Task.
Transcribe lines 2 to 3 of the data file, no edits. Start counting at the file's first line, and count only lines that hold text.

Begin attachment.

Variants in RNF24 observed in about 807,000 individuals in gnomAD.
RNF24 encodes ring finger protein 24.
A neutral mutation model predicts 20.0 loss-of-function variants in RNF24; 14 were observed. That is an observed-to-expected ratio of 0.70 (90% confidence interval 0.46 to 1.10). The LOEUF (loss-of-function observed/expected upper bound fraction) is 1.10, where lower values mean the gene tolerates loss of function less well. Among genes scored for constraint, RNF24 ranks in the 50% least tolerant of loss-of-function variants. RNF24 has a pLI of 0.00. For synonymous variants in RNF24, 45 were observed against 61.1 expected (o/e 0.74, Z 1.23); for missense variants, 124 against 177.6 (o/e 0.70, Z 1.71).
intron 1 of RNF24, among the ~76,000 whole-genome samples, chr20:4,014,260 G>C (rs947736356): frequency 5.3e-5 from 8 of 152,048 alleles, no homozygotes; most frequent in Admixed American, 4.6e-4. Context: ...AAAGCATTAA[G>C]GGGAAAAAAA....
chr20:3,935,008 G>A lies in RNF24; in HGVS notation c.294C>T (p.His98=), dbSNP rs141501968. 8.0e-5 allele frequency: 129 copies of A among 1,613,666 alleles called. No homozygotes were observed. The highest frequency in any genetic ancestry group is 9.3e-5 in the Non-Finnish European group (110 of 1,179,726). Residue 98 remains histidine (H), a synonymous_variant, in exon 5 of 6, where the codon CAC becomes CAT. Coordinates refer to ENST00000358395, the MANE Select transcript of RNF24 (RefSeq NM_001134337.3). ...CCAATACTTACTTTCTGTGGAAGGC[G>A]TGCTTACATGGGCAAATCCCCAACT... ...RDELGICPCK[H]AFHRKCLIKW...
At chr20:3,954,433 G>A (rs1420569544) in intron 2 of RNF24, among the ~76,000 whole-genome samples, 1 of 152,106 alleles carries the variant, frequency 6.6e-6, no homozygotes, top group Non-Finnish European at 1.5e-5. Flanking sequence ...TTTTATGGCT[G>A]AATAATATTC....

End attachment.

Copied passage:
RNF24 encodes ring finger protein 24.
A neutral mutation model predicts 20.0 loss-of-function variants in RNF24; 14 were observed. That is an observed-to-expected ratio of 0.70 (90% confidence interval 0.46 to 1.10). The LOEUF (loss-of-function observed/expected upper bound fraction) is 1.10, where lower values mean the gene tolerates loss of function less well. Among genes scored for constraint, RNF24 ranks in the 50% least tolerant of loss-of-function variants. RNF24 has a pLI of 0.00. For synonymous variants in RNF24, 45 were observed against 61.1 expected (o/e 0.74, Z 1.23); for missense variants, 124 against 177.6 (o/e 0.70, Z 1.71).